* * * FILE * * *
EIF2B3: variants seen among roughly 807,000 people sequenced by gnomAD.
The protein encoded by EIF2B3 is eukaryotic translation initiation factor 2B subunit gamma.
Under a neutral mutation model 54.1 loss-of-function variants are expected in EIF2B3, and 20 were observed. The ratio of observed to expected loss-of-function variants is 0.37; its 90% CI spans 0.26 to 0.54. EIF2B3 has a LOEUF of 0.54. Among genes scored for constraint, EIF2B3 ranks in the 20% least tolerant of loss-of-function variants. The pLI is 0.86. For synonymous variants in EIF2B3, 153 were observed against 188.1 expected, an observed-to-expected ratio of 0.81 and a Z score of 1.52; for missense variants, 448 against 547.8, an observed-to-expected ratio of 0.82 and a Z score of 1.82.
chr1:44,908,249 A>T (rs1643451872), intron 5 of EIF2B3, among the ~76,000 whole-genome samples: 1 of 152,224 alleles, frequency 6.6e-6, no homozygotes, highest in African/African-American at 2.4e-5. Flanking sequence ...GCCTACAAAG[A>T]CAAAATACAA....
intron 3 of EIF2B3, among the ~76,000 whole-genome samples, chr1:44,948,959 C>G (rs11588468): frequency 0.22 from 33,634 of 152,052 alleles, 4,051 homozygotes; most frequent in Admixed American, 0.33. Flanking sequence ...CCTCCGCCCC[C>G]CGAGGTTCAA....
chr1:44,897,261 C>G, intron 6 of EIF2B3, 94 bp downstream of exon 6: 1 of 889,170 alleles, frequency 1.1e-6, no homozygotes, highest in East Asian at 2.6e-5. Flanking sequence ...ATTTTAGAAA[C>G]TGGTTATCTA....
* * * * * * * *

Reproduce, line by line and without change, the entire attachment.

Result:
EIF2B3: variants seen among roughly 807,000 people sequenced by gnomAD.
The protein encoded by EIF2B3 is eukaryotic translation initiation factor 2B subunit gamma.
Under a neutral mutation model 54.1 loss-of-function variants are expected in EIF2B3, and 20 were observed. The ratio of observed to expected loss-of-function variants is 0.37; its 90% CI spans 0.26 to 0.54. EIF2B3 has a LOEUF of 0.54. Among genes scored for constraint, EIF2B3 ranks in the 20% least tolerant of loss-of-function variants. The pLI is 0.86. For synonymous variants in EIF2B3, 153 were observed against 188.1 expected, an observed-to-expected ratio of 0.81 and a Z score of 1.52; for missense variants, 448 against 547.8, an observed-to-expected ratio of 0.82 and a Z score of 1.82.
chr1:44,908,249 A>T (rs1643451872), intron 5 of EIF2B3, among the ~76,000 whole-genome samples: 1 of 152,224 alleles, frequency 6.6e-6, no homozygotes, highest in African/African-American at 2.4e-5. Flanking sequence ...GCCTACAAAG[A>T]CAAAATACAA....
intron 3 of EIF2B3, among the ~76,000 whole-genome samples, chr1:44,948,959 C>G (rs11588468): frequency 0.22 from 33,634 of 152,052 alleles, 4,051 homozygotes; most frequent in Admixed American, 0.33. Flanking sequence ...CCTCCGCCCC[C>G]CGAGGTTCAA....
chr1:44,897,261 C>G, intron 6 of EIF2B3, 94 bp downstream of exon 6: 1 of 889,170 alleles, frequency 1.1e-6, no homozygotes, highest in East Asian at 2.6e-5. Flanking sequence ...ATTTTAGAAA[C>G]TGGTTATCTA....